I Tweeted My Way Through the ER

I spent last Saturday night in the ER, and unlike most millennials who go to the hospital on weekends, I wasn't inebriated or under the influence of any potentially harmful substances. Really. I just have terrible luck. I had food poisoning, which had caused me to pass out and face plant onto my living room floor, at 3:35 a.m.

Though I blogged extensively about the bizarre encounter last week, I don't remember much leading up to my fainting spell, which was brought about by debilitating stomach cramps I was certain were appendix-related. My roommate and I had just gotten back from interactive NYC play Sleep No More, and once I'd settled into my bed, the center of my stomach began to hurt, more specifically my navel, which is supposed to ache before the appendix bursts. The pain was so bad, I couldn't sleep, so I hobbled to the restroom, hoping that moving around would help.

I washed my hands in the sink, and the next thing I knew, I was on the floor in front of my roommate's door, covered in sweat, dizzy, seeing stars, and trembling. After I pulled myself up and said I was in trouble, I made a decision to go to the ER, as I also had a black eye from apparently fainting face-first onto our hardwood floor. My eye was black, my nose was bleeding, and my cheek was burning. It wasn't a pretty sight, but I feared what was going on inside of me looked much scarier.

For better or worse, I like to partake in our "oversharing culture," so I immediately took to Twitter to explain what had happened, praying one of my 3,400+ followers would be up and willing to shed light or advice or at least send their support. Four people, two of which are awesome PolicyMic pundits, responded right away and urged me to get to a doctor ASAP, and because I'd started feeling worse (especially after scanning WebMD), I threw on some presentable clothes, left my apartment, and hailed a cab to the nearest hospital.

To my luck, it was empty and the nurses pulled me into triage right away to take my vitals and jot down my symptoms. After they moved me from red folder status to green folder status, I frantically text messaged my mom and friends, hoping someone would be awake and make me feel less alone and scared. The last time I'd been to the ER was in high school, and I'd had my mom to accompany me back then. Now I live across the country from my entire immediate family, so in the event that I'm feeling especially vulnerable, I'm on my own. Everybody was asleep when I text messaged them, but there were a ton of Twitter folks up, and a lot of these "tweeps," if you will, got me through the next few minutes and told me I was in the best place possible for what was happening to me.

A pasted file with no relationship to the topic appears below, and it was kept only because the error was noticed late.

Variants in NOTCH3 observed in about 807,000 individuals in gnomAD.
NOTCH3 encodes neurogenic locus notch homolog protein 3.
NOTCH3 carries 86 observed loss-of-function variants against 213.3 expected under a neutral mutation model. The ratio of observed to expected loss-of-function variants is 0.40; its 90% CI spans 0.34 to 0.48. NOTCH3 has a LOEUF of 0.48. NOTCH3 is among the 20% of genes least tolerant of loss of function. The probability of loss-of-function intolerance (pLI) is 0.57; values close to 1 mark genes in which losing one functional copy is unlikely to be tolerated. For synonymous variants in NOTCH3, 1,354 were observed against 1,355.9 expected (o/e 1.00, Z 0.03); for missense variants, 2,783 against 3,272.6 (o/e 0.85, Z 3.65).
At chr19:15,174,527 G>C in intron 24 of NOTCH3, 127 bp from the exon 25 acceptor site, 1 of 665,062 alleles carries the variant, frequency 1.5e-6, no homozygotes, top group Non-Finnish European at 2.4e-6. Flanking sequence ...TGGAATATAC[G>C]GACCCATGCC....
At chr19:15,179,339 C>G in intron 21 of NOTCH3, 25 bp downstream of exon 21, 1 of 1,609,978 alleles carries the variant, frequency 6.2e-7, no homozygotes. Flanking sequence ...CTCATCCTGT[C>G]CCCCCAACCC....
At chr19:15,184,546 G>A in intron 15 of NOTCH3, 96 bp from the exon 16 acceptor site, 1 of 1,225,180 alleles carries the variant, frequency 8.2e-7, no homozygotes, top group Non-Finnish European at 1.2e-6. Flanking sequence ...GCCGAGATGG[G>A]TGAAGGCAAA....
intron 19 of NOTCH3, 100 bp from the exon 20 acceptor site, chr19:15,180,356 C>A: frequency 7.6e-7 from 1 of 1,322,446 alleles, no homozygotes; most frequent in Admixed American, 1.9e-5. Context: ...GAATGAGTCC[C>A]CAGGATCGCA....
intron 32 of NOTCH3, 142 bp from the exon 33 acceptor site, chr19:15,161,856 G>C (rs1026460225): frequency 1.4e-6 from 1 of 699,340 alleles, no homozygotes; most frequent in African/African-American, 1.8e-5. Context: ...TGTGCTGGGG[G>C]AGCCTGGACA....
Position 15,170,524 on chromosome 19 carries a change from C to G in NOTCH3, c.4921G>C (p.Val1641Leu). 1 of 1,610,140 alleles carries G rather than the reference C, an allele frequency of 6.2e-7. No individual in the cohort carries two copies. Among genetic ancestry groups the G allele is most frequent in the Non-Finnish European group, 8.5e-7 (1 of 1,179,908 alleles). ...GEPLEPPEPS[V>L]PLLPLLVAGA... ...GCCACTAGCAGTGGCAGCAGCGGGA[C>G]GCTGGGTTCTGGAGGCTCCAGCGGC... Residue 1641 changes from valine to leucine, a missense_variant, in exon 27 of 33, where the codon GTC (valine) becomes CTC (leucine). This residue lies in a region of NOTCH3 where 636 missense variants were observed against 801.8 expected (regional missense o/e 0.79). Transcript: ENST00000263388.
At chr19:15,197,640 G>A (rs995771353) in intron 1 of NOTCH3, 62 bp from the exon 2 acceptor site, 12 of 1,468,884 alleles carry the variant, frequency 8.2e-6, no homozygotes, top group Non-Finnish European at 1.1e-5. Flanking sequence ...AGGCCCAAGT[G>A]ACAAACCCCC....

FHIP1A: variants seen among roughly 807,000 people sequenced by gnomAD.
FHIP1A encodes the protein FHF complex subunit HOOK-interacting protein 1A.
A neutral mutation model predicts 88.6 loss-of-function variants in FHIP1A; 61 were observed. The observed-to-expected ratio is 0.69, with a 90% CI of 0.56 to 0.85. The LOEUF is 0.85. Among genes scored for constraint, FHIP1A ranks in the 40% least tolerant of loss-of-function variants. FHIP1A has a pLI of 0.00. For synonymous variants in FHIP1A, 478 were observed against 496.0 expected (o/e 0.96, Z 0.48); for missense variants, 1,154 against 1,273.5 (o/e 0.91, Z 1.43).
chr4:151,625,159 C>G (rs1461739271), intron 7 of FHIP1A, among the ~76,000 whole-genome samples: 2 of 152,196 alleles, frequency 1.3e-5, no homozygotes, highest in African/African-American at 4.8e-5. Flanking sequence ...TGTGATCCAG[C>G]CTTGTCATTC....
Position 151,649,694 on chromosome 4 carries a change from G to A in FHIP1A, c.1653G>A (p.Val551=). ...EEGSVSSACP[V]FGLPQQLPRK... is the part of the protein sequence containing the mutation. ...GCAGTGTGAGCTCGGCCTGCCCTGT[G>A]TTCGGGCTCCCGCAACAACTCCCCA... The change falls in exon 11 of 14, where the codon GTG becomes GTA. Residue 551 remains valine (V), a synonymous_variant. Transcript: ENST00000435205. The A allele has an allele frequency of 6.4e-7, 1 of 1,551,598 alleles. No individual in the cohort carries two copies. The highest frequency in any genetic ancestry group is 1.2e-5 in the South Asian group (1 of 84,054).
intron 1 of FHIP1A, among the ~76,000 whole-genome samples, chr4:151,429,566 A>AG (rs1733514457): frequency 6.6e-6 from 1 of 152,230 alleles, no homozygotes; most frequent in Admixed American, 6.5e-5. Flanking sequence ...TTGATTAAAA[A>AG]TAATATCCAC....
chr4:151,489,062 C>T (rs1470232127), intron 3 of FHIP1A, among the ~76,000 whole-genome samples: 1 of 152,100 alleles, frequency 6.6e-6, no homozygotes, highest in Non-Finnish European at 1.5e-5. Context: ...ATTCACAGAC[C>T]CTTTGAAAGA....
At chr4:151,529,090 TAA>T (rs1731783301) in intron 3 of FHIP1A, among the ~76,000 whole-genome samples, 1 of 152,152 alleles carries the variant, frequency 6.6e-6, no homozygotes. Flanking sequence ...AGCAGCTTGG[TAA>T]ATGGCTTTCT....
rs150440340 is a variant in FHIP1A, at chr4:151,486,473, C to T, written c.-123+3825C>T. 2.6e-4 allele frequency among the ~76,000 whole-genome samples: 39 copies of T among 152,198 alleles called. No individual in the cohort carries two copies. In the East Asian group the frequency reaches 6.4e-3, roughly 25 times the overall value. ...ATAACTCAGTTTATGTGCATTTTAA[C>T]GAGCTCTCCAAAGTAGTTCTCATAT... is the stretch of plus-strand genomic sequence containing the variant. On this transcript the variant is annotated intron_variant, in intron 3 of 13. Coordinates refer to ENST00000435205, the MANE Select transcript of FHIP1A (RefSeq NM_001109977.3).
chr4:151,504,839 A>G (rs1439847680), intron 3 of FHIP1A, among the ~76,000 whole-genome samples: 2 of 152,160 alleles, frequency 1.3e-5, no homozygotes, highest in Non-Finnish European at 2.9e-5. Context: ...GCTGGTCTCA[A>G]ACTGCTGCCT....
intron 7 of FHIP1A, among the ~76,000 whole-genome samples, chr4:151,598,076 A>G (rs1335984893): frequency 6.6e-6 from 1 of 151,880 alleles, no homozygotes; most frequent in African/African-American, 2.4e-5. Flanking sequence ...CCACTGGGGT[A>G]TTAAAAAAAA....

After I was taken into a private room, a nurse said she need to run a few tests on me, and the first required sticking a bunch of squares with cords onto my stomach. Seeming exhausted and perhaps a little cranky (understandably), she complained that I had "lotion" all over my torso, as if I'd had time to apply moisturizer before rushing to the ER just to perv out on everyone. At that point, I was more amused than worried, so I made a few jokes on Twitter, which the followers keeping up with my little incident seemed to appreciate.

After an hour and a half of waiting on doctors and tweeting in between tests, I learned I did not, in fact, have appendicitis, even though some of my symptoms were spot on and not to be ignored. I'd merely eaten a poorly cooked burger, and once I relayed this on Twitter, my friends and followers expressed relief that nothing serious had happened. I'd fainted due to cramps and would look banged up for a couple of days, but I was going to be fine. 

The "oversharing culture" gets a ton of flak, especially since millennials make up so much of it and previous generations like to ruffle our feathers every once in a while. Am I proud of the fact that I live-tweeted my ER visit? Absolutely not, but when I couldn't reach anyone close to me early in the morning and had to go to the ER alone, I needed something to help me feel less terrified and alone. I already spam people on Facebook, so I didn't use that. There's always someone awake on Twitter, and I like knowing many of these folks will help in any way they can, even via internet.

Twitter can be a hellscape of bullying and trolling, but it can also be surprisingly helpful, and the social media outlet doesn't receive enough credit for providing that sense of comfort to users.

Are you addicted to Twitter as well? Follow me and we can talk about how much we love the site, or you can explain why you're not so crazy about it: @LauraDonovanUA